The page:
The International Game Developers Association (IGDA) is one of the leading global entities that unites game makers from every region through localized, national and global activities. Kate Edwards has spent 16 years in the game development industry, serving as Microsoft’s geopolitical strategist from 1992 through 2005. She used her knowledge of the global games industry to identify geopolitical and cultural risks and opportunities for game franchises like Halo, Age of Empires, Fable, and Dance Central. She co-organized the Game Developer Conference’s Localization Summit.
Kiki Wolfkill is an executive producer at Microsoft’s 343 Industries game studio, which is responsible for the Halo entertainment franchise. In addition to developing Halo 4 and the upcoming Halo 5, Wolfkill has been responsible for the transmedia franchise that has spanned novels, comics, a web series, and an upcoming live-action series produced by Steven Spielberg. Wolfkill began her career as a motion graphics and cinematics artist. She previously served as director of art at Microsoft Studios, working with game developers on franchises like Forza Motorsport, Project Gotham Racing, Gears of War, and Mass Effect.
Naughty Dog has been pushing the envelope when it comes to cinematic interactive entertainment since the first Uncharted game took the game industry by storm. With each sequel, as well as the new The Last of Us, Amy Hennig has overseen everything from the performance-captured actors that bring the virtual characters to life to the rich and addictive gameplay. Hennig is a big reason that Sony has a steady stream of must-have exclusives for PlayStation from Naughty Dog. Before joining the Santa Monica-based studio in 2003, she worked at Crystal Dynamics on the Soul Reaver and Legacy of Kain titles.
As senior vice president of Maxis, Lucy Bradshaw oversees The Sims and SimCity at Electronic Arts (EA). Bradshaw has been with EA since 1997, working with Maxis founder Will Wright on bestselling franchises that attracted new females to gaming. Over half of Sims players are female. She’s played a pivotal role in evolving The Sims, which has sold over 100 million copies (The Sims 4 arrives next fall). Prior to Maxis, Bradshaw worked at George Lucas’s LucasArts Entertainment, overseeing the development of games like The Dig, Secret of Monkey Island 2, and Rebel Assault.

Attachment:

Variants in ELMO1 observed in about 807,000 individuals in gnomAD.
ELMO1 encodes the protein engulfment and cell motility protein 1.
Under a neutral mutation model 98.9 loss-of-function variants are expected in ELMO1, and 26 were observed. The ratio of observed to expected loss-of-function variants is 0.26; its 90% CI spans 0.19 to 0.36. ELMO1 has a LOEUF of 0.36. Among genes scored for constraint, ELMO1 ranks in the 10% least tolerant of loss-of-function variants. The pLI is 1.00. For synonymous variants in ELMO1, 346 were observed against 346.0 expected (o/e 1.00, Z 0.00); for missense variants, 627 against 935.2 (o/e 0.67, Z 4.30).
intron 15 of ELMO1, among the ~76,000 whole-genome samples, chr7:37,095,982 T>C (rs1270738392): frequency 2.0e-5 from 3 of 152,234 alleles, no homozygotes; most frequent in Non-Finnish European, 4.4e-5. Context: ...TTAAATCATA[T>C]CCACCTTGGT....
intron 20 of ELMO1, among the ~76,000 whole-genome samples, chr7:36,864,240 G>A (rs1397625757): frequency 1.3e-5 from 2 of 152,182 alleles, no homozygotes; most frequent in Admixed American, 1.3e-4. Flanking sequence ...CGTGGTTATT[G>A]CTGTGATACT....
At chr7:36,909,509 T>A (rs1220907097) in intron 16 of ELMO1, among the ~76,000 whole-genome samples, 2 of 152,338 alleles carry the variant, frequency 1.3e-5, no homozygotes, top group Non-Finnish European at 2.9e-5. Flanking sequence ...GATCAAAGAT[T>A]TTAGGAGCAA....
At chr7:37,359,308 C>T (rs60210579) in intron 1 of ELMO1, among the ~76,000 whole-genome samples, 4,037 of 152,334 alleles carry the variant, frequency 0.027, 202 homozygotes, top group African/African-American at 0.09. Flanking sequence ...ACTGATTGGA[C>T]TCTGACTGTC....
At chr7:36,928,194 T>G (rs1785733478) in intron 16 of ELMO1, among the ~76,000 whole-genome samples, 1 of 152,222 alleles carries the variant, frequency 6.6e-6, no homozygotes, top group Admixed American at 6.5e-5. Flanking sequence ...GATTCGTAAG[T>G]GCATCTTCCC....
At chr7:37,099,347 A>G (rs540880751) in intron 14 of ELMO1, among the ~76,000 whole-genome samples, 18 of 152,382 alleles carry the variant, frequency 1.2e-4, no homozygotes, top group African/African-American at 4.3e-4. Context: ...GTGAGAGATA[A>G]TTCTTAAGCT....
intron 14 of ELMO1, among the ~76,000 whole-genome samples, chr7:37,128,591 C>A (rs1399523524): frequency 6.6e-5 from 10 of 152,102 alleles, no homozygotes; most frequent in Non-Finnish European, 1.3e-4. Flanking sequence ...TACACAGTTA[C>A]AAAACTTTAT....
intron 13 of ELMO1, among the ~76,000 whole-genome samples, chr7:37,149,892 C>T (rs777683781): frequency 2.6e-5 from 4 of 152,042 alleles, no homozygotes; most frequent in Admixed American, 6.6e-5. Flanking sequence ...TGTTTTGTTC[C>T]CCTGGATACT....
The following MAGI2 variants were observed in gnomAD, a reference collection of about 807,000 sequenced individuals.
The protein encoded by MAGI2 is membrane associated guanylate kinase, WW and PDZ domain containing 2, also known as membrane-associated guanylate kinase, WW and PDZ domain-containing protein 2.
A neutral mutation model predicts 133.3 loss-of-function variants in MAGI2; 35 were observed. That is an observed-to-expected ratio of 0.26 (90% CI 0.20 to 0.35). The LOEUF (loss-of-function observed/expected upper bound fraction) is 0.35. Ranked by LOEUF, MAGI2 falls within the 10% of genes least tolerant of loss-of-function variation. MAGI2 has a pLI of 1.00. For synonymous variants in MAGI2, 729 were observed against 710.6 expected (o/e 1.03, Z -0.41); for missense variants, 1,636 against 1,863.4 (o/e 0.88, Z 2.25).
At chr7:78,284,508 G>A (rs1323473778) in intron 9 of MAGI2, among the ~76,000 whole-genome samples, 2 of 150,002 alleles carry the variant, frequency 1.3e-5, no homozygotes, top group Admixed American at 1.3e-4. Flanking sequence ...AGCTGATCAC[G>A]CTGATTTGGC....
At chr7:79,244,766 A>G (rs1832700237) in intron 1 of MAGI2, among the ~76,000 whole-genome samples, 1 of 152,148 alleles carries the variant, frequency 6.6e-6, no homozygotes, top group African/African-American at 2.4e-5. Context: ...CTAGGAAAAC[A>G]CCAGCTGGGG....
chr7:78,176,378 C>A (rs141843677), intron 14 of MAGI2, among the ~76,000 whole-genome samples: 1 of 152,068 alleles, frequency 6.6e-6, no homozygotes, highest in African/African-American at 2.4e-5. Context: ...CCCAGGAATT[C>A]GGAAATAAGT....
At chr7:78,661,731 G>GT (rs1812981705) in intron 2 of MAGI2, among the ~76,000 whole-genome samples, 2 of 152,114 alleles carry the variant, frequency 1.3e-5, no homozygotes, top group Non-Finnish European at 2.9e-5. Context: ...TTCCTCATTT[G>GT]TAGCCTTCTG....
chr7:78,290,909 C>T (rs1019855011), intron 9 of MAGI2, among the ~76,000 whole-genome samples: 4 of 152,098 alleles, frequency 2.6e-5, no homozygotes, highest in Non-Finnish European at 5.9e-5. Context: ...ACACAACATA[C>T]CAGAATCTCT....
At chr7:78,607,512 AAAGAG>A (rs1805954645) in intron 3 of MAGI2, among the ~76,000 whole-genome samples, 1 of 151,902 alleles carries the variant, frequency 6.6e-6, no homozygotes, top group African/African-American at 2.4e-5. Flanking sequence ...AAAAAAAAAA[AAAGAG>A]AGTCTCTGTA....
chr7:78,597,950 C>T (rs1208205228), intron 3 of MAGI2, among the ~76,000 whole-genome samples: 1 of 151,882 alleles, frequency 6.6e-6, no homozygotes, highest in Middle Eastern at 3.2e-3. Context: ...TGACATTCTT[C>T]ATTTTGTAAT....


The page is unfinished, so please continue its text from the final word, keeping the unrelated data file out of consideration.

Jade Raymond heads up Ubisoft’s Toronto studio, which opened in 2010 and is on track to grow to 800 employees by 2020. She’s responsible for new intellectual property and is currently working on five titles. Raymond serves as executive producer of Tom Clancy’s Splinter Cell franchise, including games, books, and movies. She made her name in the industry as the co-creator and executive producer on the original Assassin’s Creed game at Ubisoft Montreal. That game went on to become the fastest-selling new intellectual property in gaming in 20 years and has sold over 57 million copies worldwide. Having recently completed Tom Clancy’s Splinter Cell: Blacklist, she’s now working on a new Assassin’s Creed game (not Assassin’s Creed IV: Black Flag), as well as the open-world Watch Dogs game set in Chicago. The former programmer has focused on blockbuster game franchises and never looked back.